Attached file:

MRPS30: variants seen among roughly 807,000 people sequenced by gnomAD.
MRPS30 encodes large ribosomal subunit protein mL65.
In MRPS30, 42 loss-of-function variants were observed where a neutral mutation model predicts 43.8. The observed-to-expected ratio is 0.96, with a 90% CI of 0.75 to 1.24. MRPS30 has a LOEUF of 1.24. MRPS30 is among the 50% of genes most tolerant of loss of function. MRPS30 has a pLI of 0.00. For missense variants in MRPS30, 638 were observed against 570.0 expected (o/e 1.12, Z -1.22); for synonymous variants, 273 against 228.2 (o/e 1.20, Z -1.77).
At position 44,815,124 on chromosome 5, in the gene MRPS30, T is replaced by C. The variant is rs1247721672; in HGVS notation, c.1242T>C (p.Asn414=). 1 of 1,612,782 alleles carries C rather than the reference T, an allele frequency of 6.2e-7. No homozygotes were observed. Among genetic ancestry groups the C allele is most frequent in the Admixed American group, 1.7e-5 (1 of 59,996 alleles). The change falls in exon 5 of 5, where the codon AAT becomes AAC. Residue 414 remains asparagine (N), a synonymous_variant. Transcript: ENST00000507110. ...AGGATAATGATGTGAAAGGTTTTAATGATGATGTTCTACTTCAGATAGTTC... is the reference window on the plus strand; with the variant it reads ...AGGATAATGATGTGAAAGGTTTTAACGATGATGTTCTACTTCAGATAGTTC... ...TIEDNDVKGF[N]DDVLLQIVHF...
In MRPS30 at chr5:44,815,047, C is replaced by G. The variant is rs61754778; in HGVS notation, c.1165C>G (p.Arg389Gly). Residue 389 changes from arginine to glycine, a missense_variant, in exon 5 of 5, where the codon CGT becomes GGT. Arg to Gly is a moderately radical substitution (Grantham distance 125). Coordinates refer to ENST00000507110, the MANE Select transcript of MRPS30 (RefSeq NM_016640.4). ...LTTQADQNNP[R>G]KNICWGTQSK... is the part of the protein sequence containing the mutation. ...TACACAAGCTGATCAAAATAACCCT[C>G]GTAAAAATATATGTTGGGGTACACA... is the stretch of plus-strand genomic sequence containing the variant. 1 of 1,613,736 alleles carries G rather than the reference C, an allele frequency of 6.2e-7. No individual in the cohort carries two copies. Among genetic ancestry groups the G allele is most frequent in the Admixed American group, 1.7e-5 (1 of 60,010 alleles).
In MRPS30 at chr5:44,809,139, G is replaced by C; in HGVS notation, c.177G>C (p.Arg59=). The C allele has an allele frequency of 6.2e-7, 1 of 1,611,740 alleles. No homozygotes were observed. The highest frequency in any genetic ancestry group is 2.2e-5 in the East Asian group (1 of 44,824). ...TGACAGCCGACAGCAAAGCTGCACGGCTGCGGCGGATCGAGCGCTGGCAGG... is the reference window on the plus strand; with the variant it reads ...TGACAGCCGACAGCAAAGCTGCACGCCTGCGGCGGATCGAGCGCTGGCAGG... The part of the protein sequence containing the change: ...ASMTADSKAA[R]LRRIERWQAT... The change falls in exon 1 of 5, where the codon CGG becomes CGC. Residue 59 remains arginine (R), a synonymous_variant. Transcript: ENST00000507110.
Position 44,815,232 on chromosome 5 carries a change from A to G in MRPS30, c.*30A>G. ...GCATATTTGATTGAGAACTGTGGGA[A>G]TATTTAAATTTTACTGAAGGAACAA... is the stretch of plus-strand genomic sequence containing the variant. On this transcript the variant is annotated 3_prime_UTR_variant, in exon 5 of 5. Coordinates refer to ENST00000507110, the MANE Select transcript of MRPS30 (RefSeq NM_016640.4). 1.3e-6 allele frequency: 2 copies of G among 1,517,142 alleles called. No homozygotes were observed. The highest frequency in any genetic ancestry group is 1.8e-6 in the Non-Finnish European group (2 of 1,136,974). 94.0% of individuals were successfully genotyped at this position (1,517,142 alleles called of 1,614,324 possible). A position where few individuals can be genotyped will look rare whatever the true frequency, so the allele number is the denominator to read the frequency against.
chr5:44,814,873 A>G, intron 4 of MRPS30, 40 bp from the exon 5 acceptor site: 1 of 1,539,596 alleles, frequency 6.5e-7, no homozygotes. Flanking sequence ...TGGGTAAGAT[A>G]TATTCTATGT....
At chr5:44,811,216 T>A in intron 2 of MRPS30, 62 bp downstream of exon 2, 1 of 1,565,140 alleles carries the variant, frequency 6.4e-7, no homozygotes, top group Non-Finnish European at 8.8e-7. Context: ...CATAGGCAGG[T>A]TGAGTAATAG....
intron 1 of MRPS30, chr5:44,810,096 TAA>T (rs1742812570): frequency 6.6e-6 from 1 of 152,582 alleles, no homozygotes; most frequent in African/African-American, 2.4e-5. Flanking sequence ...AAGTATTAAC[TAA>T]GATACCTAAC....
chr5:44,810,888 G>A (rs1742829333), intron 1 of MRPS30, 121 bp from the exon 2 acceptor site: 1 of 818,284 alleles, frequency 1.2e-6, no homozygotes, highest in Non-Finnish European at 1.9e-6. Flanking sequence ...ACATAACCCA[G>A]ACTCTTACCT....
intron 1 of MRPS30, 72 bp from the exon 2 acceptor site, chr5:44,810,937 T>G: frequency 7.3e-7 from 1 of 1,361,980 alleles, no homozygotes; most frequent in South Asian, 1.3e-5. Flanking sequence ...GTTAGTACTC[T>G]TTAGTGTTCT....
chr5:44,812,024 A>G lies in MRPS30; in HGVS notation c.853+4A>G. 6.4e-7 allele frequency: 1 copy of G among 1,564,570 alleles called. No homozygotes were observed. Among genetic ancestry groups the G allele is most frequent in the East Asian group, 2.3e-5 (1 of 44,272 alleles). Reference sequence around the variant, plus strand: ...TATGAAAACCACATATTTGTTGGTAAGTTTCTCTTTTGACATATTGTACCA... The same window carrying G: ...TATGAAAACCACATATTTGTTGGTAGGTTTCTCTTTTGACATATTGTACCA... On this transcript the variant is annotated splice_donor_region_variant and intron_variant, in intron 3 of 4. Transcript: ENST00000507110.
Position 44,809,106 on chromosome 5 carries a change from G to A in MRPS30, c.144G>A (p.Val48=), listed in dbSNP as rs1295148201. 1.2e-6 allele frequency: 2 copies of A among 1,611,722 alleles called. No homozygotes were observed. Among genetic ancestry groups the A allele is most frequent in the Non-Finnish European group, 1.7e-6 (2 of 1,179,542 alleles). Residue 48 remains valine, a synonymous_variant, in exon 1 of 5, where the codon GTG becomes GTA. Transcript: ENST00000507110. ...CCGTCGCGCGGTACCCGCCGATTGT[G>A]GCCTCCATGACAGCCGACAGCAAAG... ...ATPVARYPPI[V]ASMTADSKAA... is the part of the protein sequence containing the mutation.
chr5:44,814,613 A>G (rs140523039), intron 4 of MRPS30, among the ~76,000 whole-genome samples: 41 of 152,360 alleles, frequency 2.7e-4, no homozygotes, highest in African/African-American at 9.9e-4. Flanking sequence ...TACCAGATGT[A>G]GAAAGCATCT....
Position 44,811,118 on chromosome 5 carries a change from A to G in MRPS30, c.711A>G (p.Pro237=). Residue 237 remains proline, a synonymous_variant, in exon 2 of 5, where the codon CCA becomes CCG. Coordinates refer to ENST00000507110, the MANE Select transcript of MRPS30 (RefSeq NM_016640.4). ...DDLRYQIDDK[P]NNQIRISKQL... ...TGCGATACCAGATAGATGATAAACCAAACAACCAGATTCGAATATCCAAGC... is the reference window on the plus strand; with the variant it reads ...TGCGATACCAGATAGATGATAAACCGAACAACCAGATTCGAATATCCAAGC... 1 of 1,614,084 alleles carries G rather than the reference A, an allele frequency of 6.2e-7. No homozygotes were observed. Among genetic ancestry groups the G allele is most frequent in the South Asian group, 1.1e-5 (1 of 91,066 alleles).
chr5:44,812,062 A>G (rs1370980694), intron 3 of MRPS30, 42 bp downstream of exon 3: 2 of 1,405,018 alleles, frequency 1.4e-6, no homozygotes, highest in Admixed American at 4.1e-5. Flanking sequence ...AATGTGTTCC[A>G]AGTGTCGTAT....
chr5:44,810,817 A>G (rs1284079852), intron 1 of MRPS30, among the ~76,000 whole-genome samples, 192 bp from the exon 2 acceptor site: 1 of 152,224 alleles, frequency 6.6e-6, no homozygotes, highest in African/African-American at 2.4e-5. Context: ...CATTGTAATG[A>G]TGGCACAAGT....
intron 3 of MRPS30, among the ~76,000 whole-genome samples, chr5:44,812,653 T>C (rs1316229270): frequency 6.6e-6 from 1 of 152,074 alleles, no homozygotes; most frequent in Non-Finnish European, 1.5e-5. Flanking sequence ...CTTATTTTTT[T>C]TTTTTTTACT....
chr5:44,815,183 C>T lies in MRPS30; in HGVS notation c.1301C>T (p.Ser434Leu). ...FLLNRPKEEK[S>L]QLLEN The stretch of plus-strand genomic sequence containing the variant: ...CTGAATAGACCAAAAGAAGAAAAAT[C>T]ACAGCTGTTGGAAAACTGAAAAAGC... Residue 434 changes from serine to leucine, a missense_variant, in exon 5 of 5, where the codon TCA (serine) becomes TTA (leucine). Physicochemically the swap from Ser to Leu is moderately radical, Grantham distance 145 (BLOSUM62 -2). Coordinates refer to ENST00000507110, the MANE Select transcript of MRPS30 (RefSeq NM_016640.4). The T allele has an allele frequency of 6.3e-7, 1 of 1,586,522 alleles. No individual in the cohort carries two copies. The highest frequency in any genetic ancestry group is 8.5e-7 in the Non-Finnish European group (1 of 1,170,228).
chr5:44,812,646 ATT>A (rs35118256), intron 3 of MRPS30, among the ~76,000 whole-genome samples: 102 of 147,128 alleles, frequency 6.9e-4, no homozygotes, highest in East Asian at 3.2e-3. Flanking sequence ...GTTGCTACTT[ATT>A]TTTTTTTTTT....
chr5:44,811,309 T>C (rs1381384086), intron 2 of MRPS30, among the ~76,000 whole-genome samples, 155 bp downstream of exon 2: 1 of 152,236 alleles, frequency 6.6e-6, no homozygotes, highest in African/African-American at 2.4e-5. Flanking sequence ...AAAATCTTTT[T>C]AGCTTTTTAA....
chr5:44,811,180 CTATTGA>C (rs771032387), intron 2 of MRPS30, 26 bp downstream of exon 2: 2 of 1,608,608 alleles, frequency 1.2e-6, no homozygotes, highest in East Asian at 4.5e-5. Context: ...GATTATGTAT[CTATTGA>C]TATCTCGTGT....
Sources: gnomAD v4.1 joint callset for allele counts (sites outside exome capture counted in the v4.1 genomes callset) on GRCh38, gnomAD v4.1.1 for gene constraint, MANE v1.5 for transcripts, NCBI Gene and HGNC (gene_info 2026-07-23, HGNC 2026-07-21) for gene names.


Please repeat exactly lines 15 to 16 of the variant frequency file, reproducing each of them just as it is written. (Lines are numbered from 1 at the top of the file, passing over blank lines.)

chr5:44,814,613 A>G (rs140523039), intron 4 of MRPS30, among the ~76,000 whole-genome samples: 41 of 152,360 alleles, frequency 2.7e-4, no homozygotes, highest in African/African-American at 9.9e-4. Flanking sequence ...TACCAGATGT[A>G]GAAAGCATCT....
Position 44,811,118 on chromosome 5 carries a change from A to G in MRPS30, c.711A>G (p.Pro237=). Residue 237 remains proline, a synonymous_variant, in exon 2 of 5, where the codon CCA becomes CCG. Coordinates refer to ENST00000507110, the MANE Select transcript of MRPS30 (RefSeq NM_016640.4). ...DDLRYQIDDK[P]NNQIRISKQL... ...TGCGATACCAGATAGATGATAAACCAAACAACCAGATTCGAATATCCAAGC... is the reference window on the plus strand; with the variant it reads ...TGCGATACCAGATAGATGATAAACCGAACAACCAGATTCGAATATCCAAGC... 1 of 1,614,084 alleles carries G rather than the reference A, an allele frequency of 6.2e-7. No homozygotes were observed. Among genetic ancestry groups the G allele is most frequent in the South Asian group, 1.1e-5 (1 of 91,066 alleles).